As soon as she opened the door, the customer started sneezing and coughing. She didn’t sneeze directly on the food delivery driver, but “it was close enough that I could breathe it in,” said the DoorDash employee, who spoke on the condition of anonymity because he feared losing his job. When he handed the sick woman her food, the driver briefly touched her.
“I know this sounds trivial, but literally the tip of my pinkie finger touched her, and I drive a stick shift. I drove the whole way home with my damn pinkie finger stuck out toward my passenger seat. I didn’t want to make contact with jack.”
The DoorDash driver said he sanitized his hands in the car, but then immediately drove home and washed his hands “like 30 times.” The incident has forced the North Carolina man to think about how easily it would be to spread the coronavirus if he had indeed become infected from the sneezing and coughing customer. He figures he delivers between 20 and 30 meals a day to homes; he also enters almost as many restaurants daily, touching door handles and counters.
“If I were in a position of authority, I would personally say that food delivery should be shut down nationwide, and that’s just my opinion,” he says. “Obviously, I would not want to see that as a driver.”
Despite the potential risks of transmitting disease by food deliveries, though, experts say it’s still a good option for diners who are trying to avoid crowds. “I don’t think food delivery services are particularly risky,” said Amesh Adalja, a physician and senior scholar at the Johns Hopkins Center for Health Security. “It’s a good way to do social distancing, which is especially important for the elderly.”
Public health recommendations for social distancing to help prevent the spread of the virus dovetail with food delivery companies’ “contactless” options: Uber Eats, DoorDash (and sister company Caviar) and Postmates are telling customers that they can have their deliveries left on the porch, doorstep or another requested area. Some are even developing new products to make the process easier.
As for other things drivers and customers should do to mitigate the risk of spreading the virus? It’s a refrain we’re hearing just about everywhere: “Just wash your hands a lot and don’t touch your face,” Adalja said.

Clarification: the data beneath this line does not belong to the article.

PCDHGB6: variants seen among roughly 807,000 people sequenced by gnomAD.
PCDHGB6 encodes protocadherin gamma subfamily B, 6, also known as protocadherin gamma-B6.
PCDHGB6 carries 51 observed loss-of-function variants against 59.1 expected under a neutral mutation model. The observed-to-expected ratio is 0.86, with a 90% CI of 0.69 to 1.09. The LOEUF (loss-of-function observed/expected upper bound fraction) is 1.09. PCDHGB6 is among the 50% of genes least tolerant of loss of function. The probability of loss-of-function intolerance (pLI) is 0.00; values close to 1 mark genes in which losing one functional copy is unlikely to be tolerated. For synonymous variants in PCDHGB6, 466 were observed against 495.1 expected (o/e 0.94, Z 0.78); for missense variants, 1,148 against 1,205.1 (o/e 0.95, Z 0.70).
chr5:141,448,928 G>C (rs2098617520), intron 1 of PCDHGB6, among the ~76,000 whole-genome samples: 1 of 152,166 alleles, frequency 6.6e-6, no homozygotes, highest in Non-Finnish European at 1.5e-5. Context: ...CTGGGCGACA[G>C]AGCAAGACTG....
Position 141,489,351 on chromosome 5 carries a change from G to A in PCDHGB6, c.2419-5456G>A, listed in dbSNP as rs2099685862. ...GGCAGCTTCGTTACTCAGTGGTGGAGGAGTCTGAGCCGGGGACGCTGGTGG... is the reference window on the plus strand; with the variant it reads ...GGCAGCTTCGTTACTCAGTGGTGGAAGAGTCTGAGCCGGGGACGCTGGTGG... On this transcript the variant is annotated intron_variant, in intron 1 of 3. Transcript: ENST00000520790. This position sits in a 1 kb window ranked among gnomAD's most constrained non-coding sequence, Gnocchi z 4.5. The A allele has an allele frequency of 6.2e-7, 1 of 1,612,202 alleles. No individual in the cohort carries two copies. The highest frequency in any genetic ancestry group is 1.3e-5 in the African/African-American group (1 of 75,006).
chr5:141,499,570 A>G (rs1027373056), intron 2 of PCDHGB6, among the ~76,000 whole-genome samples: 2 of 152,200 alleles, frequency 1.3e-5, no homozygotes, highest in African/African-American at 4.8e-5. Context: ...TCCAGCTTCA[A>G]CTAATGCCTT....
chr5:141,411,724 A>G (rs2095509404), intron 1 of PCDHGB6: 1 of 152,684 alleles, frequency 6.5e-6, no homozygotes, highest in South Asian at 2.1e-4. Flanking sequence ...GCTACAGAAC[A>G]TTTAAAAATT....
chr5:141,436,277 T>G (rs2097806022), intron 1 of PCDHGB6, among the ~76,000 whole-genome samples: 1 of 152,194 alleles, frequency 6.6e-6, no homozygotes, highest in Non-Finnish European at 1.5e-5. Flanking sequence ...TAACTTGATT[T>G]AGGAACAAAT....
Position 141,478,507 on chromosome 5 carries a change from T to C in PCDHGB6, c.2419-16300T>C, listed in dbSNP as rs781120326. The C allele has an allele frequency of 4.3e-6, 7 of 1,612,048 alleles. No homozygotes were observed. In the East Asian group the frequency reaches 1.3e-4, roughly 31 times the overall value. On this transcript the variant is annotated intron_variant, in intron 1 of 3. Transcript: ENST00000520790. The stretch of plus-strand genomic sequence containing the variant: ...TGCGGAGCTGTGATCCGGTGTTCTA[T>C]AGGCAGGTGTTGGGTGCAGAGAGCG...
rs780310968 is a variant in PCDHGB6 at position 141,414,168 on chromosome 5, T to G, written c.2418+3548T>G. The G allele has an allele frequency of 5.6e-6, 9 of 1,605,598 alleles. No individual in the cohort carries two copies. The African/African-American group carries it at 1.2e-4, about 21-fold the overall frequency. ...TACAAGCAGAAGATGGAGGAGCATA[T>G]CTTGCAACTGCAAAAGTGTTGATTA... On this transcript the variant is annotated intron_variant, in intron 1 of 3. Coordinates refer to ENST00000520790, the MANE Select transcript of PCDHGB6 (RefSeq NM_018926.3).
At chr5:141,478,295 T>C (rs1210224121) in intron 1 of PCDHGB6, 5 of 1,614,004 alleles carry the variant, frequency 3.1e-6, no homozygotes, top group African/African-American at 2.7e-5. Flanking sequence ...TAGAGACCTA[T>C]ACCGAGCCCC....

The DoorDash driver said he’s seen his deliveries increase by 25% to 30% in recent weeks, though he can’t say for sure if it’s all related to the coronavirus. It’s also tax-refund season, he added. The major food-delivery companies – including DoorDash, Caviar, Postmates and Uber Eats – declined to share data about deliveries.
The four companies are rapidly developing plans and protocols for drivers, who are considered independent contractors (although California lawmakers passed a bill last year to force the companies to treat them as employees). The companies are informing drivers to follow practices encouraged by the Centers for Disease Control and Prevention and other health authorities. Besides regularly washing hands for 20 seconds, that includes staying home if they’re feeling sick and keeping surfaces clean, including those in vehicles and hot-food bags.
The companies are also implementing new policies or stressing current ones. Some are even creating ambitious financial plans to support drivers who may be sidelined. DoorDash/Caviar and Uber Eats have implemented financial-assistance programs they say will compensate drivers who have been diagnosed with the coronavirus, placed in quarantine and/or asked to self-isolate. Some details of these programs were still being worked out, but a spokesperson for Uber Eats said drivers will be compensated for up to two weeks based on their previous two weeks of earnings, once they provide documentation on their medical condition.
On Tuesday, Postmates said it has created a fund that will provide credits for drivers in more than 20 states and the District of Columbia to cover their doctor appointments and other medical expenses related to the coronavirus. Postmates drivers who have made at least one delivery in the past two weeks in the 20-plus jurisdictions will be eligible for the credit from a new relief fund. Postmates also announced a pilot program in San Francisco to waive commission fees for restaurants and other business that sign on with the platform. The pilot is an effort to help brick-and-mortar establishments that are experiencing a decline in business because of the virus.
“Nationally, one in four private sector employees lack access to any sick leave at all,” Vikrum Aiyer, Postmates’ vice president of public policy, said in a statement. “While our ongoing campaigns in California, New York, New Jersey and Illinois seek to modernize 20th century laws to fit 21st century work for independent workers, now is the time to put aside the politics of the gig economy and work with all stakeholders to develop creative and meaningful emergency support for front line workers who may be exposed. It’s the right thing to do.”
The Washington Post’s Emily Heil contributed to this report.